In 2008, Will It Be Mormon in America?

Mass. Gov. Mitt Romney could become the first Mormon in the White House.

BY: Terry Eastland


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On abortion, Romney's "moratorium" on changes in the law gets lower marks, since it prevents any movement in a pro-life direction. Even so, Kristian Mineau, president of the Massachusetts Family Institute, recognizes that Romney's position on abortion is "more conservative than some of the alternatives in our state." Romney knows that a moratorium wouldn't be viable at the federal level, where abortion policy has multiple opportunities to move this way or that, through new legislation, new regulations, and new litigation.

Mormonism and Traditional Christianity

Romney's prospects can't be fully assessed without coming to grips with this fact: Most Americans are affiliated with churches that--notwithstanding important differences among Catholics, mainline Protestants, and evangelical Protestants--stand in the same line of historic or traditional Christianity. The Church of Jesus Christ of Latter-day Saints, as its most articulate representatives will tell you, stands apart from that line.

Mormonism says that the early church fell away from the truth and withered for roughly 17 centuries and that "in the latter days" Christ has been restoring his church. He has done so through living prophets in receipt of continuous revelation that becomes Scripture and may guide interpretation of the Bible. Historic Christianity does not accept Mormonism's belief in the necessity of a restored church; or its understanding of modern prophets and continuous revelation; or its acceptance of an open canon of Scripture.

There are more differences: Mormonism says that God fathered every human being--we lived with him in "the preexistence" before our sojourn here on earth. Mormonism thus believes that God and man are ontologically the same--the same species, if you will. But historic Christianity (and Judaism) maintains a sharp distinction between God and man. Regarding man's destiny, Mormonism says that man may become (in Joseph Smith's statement) "what God is," a phrase that would seem to encompass all of God's attributes, but historic Christianity says that by grace man may become not God but like God, and that by no means will man acquire God's "incommunicable" attributes, such as omniscience and omnipotence.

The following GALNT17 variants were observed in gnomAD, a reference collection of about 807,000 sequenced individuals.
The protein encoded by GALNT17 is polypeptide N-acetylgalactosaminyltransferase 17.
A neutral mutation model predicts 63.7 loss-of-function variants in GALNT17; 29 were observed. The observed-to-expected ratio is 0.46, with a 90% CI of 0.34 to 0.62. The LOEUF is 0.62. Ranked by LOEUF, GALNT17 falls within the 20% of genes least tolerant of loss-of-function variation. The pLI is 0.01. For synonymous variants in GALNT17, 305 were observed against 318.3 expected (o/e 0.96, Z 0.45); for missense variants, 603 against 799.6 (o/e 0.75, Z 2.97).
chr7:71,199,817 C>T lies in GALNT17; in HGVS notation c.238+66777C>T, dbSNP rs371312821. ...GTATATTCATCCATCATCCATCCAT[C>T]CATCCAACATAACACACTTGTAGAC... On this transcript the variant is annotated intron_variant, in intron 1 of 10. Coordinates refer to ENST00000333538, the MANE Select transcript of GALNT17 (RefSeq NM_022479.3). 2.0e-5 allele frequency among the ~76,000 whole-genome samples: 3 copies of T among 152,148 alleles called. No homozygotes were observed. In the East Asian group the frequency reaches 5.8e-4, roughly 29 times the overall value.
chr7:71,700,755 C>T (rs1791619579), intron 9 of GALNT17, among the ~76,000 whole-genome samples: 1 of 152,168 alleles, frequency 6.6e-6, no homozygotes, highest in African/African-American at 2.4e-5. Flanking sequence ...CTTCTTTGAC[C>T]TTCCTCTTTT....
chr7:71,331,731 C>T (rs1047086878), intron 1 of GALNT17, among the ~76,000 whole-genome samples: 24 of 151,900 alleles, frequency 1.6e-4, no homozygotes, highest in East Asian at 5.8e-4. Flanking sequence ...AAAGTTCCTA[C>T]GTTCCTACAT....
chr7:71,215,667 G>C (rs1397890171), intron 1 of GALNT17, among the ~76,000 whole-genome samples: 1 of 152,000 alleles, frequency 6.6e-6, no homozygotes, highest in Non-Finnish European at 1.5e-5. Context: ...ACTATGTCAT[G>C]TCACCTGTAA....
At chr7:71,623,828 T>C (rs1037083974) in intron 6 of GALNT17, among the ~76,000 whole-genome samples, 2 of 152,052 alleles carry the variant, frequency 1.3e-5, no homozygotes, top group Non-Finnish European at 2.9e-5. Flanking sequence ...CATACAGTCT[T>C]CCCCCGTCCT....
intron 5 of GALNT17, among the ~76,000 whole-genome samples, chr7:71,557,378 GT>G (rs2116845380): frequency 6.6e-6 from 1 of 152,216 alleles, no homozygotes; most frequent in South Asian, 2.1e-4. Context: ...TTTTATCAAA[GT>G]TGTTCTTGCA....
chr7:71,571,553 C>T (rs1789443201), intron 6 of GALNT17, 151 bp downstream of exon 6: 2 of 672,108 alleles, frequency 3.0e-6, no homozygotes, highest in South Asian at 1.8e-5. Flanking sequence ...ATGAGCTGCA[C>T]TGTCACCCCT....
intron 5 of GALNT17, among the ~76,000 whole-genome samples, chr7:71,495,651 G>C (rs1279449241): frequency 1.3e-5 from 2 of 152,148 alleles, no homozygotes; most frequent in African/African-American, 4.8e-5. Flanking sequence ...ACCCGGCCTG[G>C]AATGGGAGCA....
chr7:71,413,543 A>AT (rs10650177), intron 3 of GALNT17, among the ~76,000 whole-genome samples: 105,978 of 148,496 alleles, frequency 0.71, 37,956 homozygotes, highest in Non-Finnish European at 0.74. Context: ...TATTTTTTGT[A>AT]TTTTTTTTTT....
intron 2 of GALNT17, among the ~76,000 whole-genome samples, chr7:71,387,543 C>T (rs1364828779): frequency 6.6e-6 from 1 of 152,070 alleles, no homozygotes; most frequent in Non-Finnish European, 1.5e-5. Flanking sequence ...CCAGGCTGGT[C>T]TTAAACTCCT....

Protestants and Catholics who are serious about their Christian faith are likely to see Mormonism as heretical in key respects, even non-Christian. Would such perceptions of Mormonism lead voters to decide they couldn't vote for Romney? Many evangelicals with whom I spoke were reluctant to be quoted by name. But someone willing to go on the record was Charles Colson of Prison Fellowship. Notwithstanding his "fundamental" theological differences with Mormonism, Colson said, "I could in very good conscience support Romney," calling him "a first-rate guy in every respect" and "a social conservative on most of the issues we care about." Colson obviously wasn't declaring for Romney, but simply indicating that he would not in religious principle, so to speak, be opposed to Romney and indeed could find political reasons to support him.

"No stick figures in politics"

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  • Mormonism vs. Traditional Christianity
  • An Evangelical Apologizes to Mormons
  • Continued on page 4: »

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